The little girl in the red flamenco dress began to wail as the beast whipped his legs into a fervour. His black curls thrashed on his head like furious riders. The Baroque stone courtyard dimmed as candles expired under the wind of his violent kicks and spins. The drums magnified their sound until nothing else could be heard, even the shaking girl. I cried in frustration, my Spanish lost under the furore.
The wooden clips of hooves drove the Bull’s own to stomp holes in the ground. A heartbroken gypsy dressed in red roses chanted in the corner, her voice wavering to match his temperament. Melancholy guitars sang without instruction, finishing each phrase with spitting staccatos. The top half of the Bull’s body transformed into a matador before our eyes, his arms twisting into fast bows that circled his scarlet silk waistcoat. His hands clapped and his head snapped as the rhythm reached a crescendo. His heavy breath was visible in the air and we could all taste his madness.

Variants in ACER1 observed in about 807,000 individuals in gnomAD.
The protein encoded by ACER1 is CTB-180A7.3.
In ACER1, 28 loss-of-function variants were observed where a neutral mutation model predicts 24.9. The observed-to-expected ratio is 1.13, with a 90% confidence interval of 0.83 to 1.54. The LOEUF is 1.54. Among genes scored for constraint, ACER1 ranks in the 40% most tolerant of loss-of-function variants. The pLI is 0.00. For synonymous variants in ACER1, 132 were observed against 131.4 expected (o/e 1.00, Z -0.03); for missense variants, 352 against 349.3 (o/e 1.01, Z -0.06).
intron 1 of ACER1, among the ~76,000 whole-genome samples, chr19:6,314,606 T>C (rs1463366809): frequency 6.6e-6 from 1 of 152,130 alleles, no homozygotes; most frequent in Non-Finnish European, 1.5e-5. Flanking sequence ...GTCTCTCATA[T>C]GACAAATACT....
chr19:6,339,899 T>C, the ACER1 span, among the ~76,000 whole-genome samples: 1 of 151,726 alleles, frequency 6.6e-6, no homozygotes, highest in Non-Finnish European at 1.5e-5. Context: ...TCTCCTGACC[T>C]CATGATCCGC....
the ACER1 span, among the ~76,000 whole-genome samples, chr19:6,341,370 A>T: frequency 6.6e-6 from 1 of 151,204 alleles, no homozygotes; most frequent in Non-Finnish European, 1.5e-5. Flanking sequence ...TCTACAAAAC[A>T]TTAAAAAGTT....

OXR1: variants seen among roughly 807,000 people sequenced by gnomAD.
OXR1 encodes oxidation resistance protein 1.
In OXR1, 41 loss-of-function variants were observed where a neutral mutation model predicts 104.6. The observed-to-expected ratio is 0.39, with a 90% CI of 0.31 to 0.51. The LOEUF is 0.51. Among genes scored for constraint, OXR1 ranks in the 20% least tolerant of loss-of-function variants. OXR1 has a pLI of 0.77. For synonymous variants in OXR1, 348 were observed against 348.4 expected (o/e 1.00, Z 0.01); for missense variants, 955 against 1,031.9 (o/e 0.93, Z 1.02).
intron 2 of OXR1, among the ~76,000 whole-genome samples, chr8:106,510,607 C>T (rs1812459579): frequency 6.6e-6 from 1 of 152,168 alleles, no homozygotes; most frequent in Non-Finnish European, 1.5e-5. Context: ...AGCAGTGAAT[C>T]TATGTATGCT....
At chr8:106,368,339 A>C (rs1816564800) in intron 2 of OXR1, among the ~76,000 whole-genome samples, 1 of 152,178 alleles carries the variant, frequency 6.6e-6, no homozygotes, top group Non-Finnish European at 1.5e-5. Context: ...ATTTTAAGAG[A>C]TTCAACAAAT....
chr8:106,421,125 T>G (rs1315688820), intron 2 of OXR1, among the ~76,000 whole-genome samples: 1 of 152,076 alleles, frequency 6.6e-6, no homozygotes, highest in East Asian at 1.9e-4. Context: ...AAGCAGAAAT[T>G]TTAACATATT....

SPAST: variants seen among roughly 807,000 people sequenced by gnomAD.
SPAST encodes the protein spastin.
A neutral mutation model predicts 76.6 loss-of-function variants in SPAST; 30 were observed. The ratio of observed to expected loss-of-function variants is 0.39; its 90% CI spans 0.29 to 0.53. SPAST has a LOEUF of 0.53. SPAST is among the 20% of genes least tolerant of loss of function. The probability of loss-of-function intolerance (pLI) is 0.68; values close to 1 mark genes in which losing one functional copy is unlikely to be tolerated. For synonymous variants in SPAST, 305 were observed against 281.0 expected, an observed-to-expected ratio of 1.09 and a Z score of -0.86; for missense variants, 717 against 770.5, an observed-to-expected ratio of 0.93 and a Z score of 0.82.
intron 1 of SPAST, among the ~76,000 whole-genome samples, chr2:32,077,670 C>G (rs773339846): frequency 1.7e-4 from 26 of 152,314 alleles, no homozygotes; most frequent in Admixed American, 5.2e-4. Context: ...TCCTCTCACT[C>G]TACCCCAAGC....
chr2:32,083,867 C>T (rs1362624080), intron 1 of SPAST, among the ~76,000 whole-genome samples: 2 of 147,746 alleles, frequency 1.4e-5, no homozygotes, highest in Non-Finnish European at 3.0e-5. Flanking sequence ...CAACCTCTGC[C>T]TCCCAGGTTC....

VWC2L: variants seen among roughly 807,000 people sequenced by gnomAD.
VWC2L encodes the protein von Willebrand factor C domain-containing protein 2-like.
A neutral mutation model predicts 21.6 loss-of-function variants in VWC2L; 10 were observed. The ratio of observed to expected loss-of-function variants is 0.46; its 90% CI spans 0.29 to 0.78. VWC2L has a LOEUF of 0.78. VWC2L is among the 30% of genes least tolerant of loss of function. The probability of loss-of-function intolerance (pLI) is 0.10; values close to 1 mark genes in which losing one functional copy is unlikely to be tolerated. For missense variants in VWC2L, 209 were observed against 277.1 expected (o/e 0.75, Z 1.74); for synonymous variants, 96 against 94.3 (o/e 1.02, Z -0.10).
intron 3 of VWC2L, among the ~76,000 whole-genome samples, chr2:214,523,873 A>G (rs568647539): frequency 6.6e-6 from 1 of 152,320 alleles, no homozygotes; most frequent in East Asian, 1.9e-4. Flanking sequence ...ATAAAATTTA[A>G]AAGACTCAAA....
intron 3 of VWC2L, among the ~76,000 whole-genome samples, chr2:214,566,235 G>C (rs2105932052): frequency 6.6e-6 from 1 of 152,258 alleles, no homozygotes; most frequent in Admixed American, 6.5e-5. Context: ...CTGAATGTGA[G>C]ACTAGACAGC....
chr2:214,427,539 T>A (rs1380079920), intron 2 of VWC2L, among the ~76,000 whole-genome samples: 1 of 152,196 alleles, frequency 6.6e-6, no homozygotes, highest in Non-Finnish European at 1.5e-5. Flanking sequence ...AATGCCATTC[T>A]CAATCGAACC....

Where were the frilly flamenco ladies of Spain armed with painted maracas? The crowd formed a horseshoe around the band, and we watched each other through the flailing limbs. The beast continued his solo escapade until his skin bled with sweat. Marble busts stared on as our despondent eyes scoured the darkness for the women – but it was over. Heavy oak doors released the Bull from the arena, his stance victorious amidst the groans of his audience.